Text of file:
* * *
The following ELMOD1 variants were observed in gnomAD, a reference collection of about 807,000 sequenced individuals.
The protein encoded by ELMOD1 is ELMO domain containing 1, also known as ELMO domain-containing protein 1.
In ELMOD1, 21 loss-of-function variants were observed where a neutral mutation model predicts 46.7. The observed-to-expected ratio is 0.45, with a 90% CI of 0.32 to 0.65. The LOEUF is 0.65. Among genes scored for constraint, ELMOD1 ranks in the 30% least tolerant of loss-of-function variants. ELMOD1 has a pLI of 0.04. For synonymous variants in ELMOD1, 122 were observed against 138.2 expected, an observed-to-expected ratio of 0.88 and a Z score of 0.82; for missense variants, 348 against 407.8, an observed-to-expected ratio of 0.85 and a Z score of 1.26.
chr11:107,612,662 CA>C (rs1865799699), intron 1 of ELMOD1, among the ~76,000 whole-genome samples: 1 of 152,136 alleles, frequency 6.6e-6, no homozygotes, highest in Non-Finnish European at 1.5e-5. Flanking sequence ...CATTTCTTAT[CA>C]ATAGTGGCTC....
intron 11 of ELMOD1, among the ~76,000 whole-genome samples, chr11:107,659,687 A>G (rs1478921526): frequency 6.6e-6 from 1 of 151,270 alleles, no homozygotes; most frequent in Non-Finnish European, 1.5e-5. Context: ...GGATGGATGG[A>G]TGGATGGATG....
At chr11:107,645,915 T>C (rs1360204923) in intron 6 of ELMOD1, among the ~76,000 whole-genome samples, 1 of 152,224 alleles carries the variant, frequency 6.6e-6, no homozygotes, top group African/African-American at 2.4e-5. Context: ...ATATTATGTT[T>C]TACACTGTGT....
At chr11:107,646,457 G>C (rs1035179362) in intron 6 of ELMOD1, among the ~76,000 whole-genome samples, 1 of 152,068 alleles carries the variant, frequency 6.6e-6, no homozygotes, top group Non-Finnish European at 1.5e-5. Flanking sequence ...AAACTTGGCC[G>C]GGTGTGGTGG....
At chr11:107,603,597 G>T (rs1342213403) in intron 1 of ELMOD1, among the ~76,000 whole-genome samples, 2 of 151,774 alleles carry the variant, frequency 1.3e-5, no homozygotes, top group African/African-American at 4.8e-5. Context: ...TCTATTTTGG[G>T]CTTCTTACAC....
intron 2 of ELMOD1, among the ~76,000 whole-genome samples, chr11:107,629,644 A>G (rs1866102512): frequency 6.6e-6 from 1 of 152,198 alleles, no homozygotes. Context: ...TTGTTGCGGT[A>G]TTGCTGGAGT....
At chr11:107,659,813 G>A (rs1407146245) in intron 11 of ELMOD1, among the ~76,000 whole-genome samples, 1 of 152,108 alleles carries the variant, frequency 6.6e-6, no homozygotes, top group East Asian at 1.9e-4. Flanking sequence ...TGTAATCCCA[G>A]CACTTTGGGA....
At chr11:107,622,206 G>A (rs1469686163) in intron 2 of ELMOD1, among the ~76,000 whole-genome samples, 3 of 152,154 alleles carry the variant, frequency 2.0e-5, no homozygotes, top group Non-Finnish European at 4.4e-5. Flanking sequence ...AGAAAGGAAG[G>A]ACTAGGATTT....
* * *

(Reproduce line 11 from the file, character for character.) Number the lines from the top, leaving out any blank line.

At chr11:107,622,206 G>A (rs1469686163) in intron 2 of ELMOD1, among the ~76,000 whole-genome samples, 3 of 152,154 alleles carry the variant, frequency 2.0e-5, no homozygotes, top group Non-Finnish European at 4.4e-5. Flanking sequence ...AGAAAGGAAG[G>A]ACTAGGATTT....